According to a source I spoke to for this article who wished to remain nameless, one of the most senior editors at DC is known by management to have multiple sexual harassment allegations already in his HR file. Instead of firing someone who has behaved inappropriately multiple times, DC has, according to my well-known source, stopped hiring women who would have to work with him. This offender was kept in the DC offices when DC made the move from its New York City location to Burbank–possibly because he’s not the company’s worst offender.As anybody familiar with their output since 2000 knows, the big two published screeds with angles offensive to women in the past decade, among other atrocious, sensationalized trash. So if these complaints have any meat to them, it shouldn't come as much of a surprise they're capable of translating their fanfiction nightmares into real life offenses (and almost 3 years ago, there were two cases that was almost similar). At the same time, it may not be too surprising that some women could overlook the issue too, like DC's current head, Diane Nelson, who's done nothing to improve them in any way.
There is allegedly another employee still working at DC who allegedly assaulted a woman multiple times in his office. The woman concerned reported him multiple times to management at DC and the person who hired her, but didn’t receive the support she needed and eventually left DC altogether. Instead of firing the alleged offender for his actions, DC, I am told, moved him from comics to another department. It was apparently considered more important to shield the man involved, than to offer support to the woman. The man allegedly now works under a tacit rule where no women are allowed alone in his office.
According to another source who requested anonymity, another DC editor is allegedly renowned within the industry for the way he ‘mentors’ women (his ‘process’ allegedly involves sleeping with them). This has reportedly been going on for years, and is considered an ‘open secret’ at the company. But it’s not just DC. According to another source, Marvel Comics employs a non editorial staffer who staff now apparently seat away from any women at events. He’s well known for his wandering hands, and they tend to wander up the legs of women nearby without asking for consent first. The same source told about another Marvel regular who worked on very prominent titles in the 80s and 90s is well-known for inappropriate touching.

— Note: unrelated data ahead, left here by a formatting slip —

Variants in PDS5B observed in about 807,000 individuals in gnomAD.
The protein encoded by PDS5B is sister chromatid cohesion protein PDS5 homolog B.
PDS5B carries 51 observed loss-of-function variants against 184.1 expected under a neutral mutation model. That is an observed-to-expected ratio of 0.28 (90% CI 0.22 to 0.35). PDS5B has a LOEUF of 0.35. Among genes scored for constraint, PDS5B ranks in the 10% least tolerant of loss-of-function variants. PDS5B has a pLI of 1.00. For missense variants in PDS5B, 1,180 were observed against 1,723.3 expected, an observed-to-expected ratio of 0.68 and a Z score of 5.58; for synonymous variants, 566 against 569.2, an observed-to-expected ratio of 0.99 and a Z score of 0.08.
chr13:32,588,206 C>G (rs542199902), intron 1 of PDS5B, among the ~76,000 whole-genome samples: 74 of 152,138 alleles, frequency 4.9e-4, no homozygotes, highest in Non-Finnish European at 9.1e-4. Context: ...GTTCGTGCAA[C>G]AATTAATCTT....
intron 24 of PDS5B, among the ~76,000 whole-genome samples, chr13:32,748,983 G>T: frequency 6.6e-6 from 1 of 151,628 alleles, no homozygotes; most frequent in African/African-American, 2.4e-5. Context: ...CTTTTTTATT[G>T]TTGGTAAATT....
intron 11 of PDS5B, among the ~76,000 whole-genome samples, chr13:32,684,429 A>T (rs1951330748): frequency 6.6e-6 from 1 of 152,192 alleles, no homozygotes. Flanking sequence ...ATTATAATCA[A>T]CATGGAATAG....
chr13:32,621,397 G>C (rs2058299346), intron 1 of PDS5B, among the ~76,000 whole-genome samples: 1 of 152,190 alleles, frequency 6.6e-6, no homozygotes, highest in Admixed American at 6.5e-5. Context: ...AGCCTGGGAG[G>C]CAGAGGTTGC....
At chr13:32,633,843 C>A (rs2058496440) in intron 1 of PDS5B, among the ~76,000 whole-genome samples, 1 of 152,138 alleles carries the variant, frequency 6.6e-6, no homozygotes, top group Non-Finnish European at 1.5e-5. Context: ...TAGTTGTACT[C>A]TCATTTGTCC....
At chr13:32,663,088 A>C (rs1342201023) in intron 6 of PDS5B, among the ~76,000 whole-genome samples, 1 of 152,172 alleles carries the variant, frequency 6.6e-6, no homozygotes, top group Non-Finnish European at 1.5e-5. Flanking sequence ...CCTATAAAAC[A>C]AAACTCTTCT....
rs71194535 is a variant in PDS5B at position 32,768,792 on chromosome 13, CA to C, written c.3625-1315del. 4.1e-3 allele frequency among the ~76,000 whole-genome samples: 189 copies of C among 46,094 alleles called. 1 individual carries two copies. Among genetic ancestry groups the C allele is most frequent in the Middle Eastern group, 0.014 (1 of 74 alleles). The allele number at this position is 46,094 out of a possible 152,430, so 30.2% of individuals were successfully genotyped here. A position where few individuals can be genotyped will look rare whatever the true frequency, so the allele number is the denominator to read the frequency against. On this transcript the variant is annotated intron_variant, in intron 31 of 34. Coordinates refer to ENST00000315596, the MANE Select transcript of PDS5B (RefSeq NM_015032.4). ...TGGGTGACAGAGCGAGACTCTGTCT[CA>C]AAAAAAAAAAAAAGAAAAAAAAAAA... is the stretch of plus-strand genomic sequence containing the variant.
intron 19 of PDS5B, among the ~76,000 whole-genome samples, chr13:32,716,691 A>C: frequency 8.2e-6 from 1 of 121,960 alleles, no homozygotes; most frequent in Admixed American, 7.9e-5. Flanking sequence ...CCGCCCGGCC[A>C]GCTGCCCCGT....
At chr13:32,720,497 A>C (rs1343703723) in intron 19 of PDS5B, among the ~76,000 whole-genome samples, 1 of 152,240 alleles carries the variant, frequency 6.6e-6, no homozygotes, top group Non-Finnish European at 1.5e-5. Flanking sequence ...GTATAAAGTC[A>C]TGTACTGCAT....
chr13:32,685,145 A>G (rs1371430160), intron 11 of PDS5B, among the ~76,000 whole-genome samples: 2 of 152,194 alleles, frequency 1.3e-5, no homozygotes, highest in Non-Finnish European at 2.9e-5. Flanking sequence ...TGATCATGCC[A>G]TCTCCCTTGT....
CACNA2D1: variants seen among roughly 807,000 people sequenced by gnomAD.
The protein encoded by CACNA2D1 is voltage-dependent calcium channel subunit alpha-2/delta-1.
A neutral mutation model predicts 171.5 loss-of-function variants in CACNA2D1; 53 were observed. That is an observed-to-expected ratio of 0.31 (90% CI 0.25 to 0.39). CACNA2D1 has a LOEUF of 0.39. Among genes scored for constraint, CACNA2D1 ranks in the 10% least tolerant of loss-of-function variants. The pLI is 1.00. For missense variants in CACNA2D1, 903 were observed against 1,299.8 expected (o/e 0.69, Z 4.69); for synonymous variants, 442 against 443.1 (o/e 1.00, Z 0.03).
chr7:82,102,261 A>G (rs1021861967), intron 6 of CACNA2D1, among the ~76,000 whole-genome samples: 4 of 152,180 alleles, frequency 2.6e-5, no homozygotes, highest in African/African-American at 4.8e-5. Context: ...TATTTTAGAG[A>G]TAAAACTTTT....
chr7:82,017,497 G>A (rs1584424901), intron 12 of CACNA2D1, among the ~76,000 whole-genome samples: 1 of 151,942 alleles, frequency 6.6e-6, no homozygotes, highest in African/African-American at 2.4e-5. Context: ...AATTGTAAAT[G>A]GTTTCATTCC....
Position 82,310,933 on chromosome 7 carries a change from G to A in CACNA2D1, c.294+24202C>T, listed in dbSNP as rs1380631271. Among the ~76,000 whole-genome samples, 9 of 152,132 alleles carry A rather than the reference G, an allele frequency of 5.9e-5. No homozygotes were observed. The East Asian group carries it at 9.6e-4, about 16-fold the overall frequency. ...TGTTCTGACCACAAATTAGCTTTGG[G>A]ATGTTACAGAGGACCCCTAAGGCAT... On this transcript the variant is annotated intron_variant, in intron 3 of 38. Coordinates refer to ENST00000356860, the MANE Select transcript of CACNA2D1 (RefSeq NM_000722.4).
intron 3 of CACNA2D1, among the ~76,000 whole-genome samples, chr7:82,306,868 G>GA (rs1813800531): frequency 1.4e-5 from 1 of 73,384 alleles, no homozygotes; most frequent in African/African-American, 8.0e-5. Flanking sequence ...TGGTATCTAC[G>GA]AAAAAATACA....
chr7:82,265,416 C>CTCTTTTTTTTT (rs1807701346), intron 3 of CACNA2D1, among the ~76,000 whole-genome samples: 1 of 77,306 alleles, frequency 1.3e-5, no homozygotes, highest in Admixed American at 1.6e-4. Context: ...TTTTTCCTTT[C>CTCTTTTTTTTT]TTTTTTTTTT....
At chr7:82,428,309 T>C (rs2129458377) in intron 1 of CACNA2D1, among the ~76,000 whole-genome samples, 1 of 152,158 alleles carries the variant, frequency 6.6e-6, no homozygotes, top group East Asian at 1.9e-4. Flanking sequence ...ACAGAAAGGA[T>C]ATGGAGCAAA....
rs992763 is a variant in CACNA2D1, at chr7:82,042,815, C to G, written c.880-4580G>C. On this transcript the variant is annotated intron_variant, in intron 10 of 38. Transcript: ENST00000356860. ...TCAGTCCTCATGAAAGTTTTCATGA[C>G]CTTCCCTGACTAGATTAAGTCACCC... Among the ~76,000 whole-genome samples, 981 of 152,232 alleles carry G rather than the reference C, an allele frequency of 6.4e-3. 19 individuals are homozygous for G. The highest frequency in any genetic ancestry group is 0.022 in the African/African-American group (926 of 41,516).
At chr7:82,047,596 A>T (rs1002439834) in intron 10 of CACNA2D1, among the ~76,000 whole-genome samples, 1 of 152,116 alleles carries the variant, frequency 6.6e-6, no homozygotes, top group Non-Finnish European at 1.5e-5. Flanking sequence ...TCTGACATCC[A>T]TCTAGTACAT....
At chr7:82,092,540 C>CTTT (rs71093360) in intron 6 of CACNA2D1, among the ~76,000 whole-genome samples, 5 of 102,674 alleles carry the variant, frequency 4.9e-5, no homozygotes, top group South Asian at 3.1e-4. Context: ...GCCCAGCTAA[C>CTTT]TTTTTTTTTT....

Marvel’s recently-announced Red Wolf title has also become a very public PR disaster for employing a publicly named and accused abuser. Many readers feel Marvel is forcing fans to choose to either support a diverse book knowing that they are also supporting the abuser, or not support the book but hurt the sales of a diverse comic. It’s a situation that could easily be avoided by Marvel removing the problem individual and then continuing with the title, but the easy solution has not been publicly discussed by Marvel.
In fact, that's something the writer's probably not considered: those women who are in higher positions at the big two don't seem particularly concerned with what goes on in the office below, and are throwing other ladies under the bus, which makes them complicit in an offense. If they could serve as apologists for reprehensible storytelling, it should be no surprise they could be such a letdown with real life problems to boot.